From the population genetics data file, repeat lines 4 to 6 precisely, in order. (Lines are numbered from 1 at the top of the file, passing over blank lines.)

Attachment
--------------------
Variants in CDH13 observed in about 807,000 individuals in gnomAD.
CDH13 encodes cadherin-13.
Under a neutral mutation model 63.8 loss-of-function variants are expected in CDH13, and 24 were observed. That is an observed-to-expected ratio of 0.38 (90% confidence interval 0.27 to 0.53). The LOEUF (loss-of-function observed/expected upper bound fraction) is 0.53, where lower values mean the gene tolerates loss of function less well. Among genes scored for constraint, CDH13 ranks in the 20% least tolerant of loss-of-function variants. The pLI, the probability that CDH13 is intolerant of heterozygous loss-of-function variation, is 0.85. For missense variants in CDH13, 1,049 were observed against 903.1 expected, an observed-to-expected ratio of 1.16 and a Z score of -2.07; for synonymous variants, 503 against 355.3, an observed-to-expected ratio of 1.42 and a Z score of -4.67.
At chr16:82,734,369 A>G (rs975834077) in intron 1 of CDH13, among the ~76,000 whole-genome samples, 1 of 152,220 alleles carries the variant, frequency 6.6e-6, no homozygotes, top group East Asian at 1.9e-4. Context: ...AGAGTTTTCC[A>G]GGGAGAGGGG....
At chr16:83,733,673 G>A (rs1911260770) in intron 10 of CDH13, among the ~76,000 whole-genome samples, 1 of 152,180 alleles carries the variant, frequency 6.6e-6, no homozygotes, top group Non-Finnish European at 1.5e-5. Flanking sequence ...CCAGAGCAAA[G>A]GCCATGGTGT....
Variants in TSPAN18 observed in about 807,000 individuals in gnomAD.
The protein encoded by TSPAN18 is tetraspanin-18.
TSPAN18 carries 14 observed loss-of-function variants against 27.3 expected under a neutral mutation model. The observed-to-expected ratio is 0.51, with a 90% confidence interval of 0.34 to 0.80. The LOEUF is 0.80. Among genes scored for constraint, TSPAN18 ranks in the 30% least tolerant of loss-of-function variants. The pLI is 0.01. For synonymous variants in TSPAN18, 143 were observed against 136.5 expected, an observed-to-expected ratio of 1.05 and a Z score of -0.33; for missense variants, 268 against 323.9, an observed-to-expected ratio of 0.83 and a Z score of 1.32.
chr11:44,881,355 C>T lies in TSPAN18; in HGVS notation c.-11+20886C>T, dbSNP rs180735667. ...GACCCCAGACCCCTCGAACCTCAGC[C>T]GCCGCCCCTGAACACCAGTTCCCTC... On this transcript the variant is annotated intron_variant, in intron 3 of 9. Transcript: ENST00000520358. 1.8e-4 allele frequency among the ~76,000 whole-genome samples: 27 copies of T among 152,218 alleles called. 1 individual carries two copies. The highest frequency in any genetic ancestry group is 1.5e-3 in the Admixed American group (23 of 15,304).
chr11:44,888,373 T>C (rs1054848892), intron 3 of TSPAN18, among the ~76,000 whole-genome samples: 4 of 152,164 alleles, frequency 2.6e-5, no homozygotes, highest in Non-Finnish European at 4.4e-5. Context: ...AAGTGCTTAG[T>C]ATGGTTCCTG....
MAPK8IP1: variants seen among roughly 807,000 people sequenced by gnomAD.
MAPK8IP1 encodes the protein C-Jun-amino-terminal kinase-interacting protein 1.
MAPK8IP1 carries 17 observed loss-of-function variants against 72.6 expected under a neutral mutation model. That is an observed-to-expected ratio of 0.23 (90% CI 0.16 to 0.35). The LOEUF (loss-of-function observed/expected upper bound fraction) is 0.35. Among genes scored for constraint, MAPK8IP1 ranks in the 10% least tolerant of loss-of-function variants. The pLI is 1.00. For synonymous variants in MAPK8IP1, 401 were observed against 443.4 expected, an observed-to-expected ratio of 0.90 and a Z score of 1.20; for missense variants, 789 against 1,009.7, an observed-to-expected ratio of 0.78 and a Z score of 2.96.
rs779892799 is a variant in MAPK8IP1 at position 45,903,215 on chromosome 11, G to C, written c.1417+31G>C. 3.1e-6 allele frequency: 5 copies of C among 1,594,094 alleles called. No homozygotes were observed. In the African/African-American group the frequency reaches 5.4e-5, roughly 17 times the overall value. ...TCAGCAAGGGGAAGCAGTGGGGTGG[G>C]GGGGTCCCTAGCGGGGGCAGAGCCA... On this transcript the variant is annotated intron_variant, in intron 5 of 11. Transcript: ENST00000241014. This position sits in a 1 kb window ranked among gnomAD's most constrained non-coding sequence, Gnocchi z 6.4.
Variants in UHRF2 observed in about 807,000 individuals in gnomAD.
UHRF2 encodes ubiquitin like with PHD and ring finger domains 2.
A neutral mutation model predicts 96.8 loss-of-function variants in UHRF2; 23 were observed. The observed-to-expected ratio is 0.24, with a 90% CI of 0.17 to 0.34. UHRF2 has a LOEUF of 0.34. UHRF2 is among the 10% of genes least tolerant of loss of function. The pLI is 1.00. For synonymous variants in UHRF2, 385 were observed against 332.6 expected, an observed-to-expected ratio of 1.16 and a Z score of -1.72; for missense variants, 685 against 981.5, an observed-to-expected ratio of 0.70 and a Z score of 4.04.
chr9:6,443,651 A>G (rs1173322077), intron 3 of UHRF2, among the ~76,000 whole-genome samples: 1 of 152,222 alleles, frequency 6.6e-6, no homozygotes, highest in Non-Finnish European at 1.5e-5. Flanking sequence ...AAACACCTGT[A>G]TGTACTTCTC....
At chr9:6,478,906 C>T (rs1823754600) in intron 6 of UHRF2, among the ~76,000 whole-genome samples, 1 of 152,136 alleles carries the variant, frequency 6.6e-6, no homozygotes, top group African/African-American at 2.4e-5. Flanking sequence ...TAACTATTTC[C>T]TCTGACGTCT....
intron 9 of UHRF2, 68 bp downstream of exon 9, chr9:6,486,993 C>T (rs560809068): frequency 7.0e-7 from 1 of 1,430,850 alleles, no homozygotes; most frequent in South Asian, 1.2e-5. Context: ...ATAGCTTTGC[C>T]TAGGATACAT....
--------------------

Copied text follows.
At chr16:82,734,369 A>G (rs975834077) in intron 1 of CDH13, among the ~76,000 whole-genome samples, 1 of 152,220 alleles carries the variant, frequency 6.6e-6, no homozygotes, top group East Asian at 1.9e-4. Context: ...AGAGTTTTCC[A>G]GGGAGAGGGG....
At chr16:83,733,673 G>A (rs1911260770) in intron 10 of CDH13, among the ~76,000 whole-genome samples, 1 of 152,180 alleles carries the variant, frequency 6.6e-6, no homozygotes, top group Non-Finnish European at 1.5e-5. Flanking sequence ...CCAGAGCAAA[G>A]GCCATGGTGT....
Variants in TSPAN18 observed in about 807,000 individuals in gnomAD.